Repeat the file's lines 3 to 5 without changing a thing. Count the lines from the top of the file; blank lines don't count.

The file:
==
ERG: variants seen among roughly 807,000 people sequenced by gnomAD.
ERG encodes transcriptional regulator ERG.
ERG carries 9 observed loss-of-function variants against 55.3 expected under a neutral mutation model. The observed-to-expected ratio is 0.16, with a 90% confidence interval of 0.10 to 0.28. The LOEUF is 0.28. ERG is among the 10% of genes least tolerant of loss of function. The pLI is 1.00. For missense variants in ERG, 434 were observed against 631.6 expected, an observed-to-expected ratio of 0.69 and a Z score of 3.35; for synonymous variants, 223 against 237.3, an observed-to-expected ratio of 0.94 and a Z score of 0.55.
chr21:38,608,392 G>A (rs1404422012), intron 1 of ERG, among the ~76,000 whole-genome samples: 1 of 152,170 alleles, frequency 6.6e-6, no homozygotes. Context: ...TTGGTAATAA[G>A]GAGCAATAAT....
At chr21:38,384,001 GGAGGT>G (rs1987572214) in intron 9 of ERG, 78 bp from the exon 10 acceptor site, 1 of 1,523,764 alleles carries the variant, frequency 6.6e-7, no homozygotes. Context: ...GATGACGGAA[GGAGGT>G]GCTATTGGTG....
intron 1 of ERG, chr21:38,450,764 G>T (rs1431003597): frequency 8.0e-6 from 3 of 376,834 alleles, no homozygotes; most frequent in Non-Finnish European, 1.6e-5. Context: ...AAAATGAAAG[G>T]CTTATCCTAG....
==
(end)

ERG carries 9 observed loss-of-function variants against 55.3 expected under a neutral mutation model. The observed-to-expected ratio is 0.16, with a 90% confidence interval of 0.10 to 0.28. The LOEUF is 0.28. ERG is among the 10% of genes least tolerant of loss of function. The pLI is 1.00. For missense variants in ERG, 434 were observed against 631.6 expected, an observed-to-expected ratio of 0.69 and a Z score of 3.35; for synonymous variants, 223 against 237.3, an observed-to-expected ratio of 0.94 and a Z score of 0.55.
chr21:38,608,392 G>A (rs1404422012), intron 1 of ERG, among the ~76,000 whole-genome samples: 1 of 152,170 alleles, frequency 6.6e-6, no homozygotes. Context: ...TTGGTAATAA[G>A]GAGCAATAAT....
At chr21:38,384,001 GGAGGT>G (rs1987572214) in intron 9 of ERG, 78 bp from the exon 10 acceptor site, 1 of 1,523,764 alleles carries the variant, frequency 6.6e-7, no homozygotes. Context: ...GATGACGGAA[GGAGGT>G]GCTATTGGTG....